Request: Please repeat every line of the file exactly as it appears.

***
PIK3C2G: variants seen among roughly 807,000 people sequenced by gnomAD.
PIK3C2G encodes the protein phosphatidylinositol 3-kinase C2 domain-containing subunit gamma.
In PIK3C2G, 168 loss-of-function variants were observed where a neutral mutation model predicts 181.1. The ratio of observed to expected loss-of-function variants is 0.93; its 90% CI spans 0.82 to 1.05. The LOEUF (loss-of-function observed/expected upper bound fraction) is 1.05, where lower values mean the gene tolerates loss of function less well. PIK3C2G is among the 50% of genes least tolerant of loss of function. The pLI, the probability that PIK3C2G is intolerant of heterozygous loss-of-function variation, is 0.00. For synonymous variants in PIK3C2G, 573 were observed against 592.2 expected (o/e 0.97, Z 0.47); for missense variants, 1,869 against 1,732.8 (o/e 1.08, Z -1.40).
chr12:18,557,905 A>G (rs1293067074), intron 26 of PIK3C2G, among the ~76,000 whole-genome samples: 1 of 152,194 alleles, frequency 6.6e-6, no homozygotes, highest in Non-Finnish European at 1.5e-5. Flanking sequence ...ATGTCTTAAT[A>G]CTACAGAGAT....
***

PIK3C2G: variants seen among roughly 807,000 people sequenced by gnomAD.
PIK3C2G encodes the protein phosphatidylinositol 3-kinase C2 domain-containing subunit gamma.
In PIK3C2G, 168 loss-of-function variants were observed where a neutral mutation model predicts 181.1. The ratio of observed to expected loss-of-function variants is 0.93; its 90% CI spans 0.82 to 1.05. The LOEUF (loss-of-function observed/expected upper bound fraction) is 1.05, where lower values mean the gene tolerates loss of function less well. PIK3C2G is among the 50% of genes least tolerant of loss of function. The pLI, the probability that PIK3C2G is intolerant of heterozygous loss-of-function variation, is 0.00. For synonymous variants in PIK3C2G, 573 were observed against 592.2 expected (o/e 0.97, Z 0.47); for missense variants, 1,869 against 1,732.8 (o/e 1.08, Z -1.40).
chr12:18,557,905 A>G (rs1293067074), intron 26 of PIK3C2G, among the ~76,000 whole-genome samples: 1 of 152,194 alleles, frequency 6.6e-6, no homozygotes, highest in Non-Finnish European at 1.5e-5. Flanking sequence ...ATGTCTTAAT[A>G]CTACAGAGAT....